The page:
This move brings Rhodes back to “Students’ Right to Their Own Language”: “rather than frame the transaction as a patronizing granting of rights . . . teachers can help students explore the genuine uses of their existing felt sense of style in new contexts.” Doing so will help students practice developing more control of style in ways that can help them write sentences that “sing.” Working from this more structured, culturally situated, intuitive sense of style also fits very well with translingual approaches to teaching writing, approaches that bring community writing/speaking practices into the classroom and into student writing.


In the last part of the essay, Rhodes discusses translingual dispositions, code meshing, and the challenges of using both effectively in widely diverse classrooms. The entire article is well worth reading and studying—and talking with students about. Certainly I’ve learned a lot from thinking about the issues Rhodes raises; my big takeaway right now is that students can develop not style but styles, not voice but voices, and they can do so using intuitive everyday language. I’d love to hear other responses to these ideas since I am convinced that style is not a separate element of writing, but rather inextricable from content and infinitely worthy of our attention.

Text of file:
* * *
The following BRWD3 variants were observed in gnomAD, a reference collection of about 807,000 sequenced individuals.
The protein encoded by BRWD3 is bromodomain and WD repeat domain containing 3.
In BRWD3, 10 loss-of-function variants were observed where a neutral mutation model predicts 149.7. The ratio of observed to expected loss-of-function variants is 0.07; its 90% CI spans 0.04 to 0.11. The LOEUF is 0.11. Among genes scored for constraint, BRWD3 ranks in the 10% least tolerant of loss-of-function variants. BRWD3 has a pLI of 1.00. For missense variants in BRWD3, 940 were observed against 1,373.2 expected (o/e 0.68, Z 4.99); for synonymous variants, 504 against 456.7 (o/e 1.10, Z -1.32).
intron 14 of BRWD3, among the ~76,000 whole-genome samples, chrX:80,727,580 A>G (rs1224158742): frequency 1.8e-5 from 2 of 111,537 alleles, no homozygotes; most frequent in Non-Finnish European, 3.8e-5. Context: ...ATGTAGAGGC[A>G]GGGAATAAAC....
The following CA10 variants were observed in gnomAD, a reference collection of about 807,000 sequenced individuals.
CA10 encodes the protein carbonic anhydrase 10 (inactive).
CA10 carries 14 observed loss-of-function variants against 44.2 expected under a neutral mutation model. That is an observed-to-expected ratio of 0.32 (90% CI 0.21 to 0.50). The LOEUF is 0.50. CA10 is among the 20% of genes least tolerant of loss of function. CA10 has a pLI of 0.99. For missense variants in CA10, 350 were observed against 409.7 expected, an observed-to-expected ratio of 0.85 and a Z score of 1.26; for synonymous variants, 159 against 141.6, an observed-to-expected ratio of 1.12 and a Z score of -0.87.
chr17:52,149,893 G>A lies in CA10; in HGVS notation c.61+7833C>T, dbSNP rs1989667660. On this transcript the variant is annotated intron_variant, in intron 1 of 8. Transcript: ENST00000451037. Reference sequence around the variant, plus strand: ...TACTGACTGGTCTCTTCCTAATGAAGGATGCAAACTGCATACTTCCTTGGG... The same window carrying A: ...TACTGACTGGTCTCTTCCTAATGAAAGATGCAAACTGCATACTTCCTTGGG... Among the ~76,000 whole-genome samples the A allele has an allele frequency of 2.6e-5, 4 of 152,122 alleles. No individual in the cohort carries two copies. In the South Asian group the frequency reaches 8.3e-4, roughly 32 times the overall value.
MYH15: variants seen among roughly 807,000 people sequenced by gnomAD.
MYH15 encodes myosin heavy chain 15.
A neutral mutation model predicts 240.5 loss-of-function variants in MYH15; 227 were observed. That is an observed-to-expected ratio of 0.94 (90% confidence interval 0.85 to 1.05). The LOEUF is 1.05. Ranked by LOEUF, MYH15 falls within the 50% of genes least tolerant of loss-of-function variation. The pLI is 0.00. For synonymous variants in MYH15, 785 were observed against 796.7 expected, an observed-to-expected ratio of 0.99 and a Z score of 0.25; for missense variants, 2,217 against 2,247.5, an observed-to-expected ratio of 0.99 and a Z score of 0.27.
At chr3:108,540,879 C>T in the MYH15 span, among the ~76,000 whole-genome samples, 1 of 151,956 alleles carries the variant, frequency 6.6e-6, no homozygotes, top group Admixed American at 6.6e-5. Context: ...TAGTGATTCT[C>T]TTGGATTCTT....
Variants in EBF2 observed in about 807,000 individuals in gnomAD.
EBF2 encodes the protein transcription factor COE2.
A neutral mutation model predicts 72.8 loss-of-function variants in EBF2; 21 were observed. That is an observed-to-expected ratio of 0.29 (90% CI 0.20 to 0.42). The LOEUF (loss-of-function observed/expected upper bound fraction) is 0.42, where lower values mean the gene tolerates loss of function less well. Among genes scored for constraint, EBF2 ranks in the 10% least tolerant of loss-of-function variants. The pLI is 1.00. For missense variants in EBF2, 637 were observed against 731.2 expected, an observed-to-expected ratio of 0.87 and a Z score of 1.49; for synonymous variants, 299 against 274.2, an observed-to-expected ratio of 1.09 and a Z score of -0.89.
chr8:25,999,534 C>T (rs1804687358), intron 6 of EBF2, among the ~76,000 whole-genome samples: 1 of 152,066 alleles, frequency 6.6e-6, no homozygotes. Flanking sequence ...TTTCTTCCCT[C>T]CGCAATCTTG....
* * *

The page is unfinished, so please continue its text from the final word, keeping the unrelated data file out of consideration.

Image Credit: Pixabay Image 447577 by Andrys, used under the Pixabay License


I’m wondering how many others read the article by Mike McIntire and Kevin Roose in the New York Times called “What Happens When QAnon Seeps from the Web to the Offline World.” I have heard of this conspiracy theory before, but I didn’t know much about it or its supporters until I read this piece. Then I started digging in a bit to find out more.


In an interview with Matthew Rozsa of Salon, Travis View, who has studied and written about QAnon, describes the conspiracy theory this way:

QAnon is based upon the idea that there is a worldwide cabal of Satan-worshiping pedophiles who rule the world, essentially, and they control everything. They control politicians, and they control the media. They control Hollywood, and they cover up their existence, essentially. And they would have continued ruling the world, were it not for the election of President Donald Trump.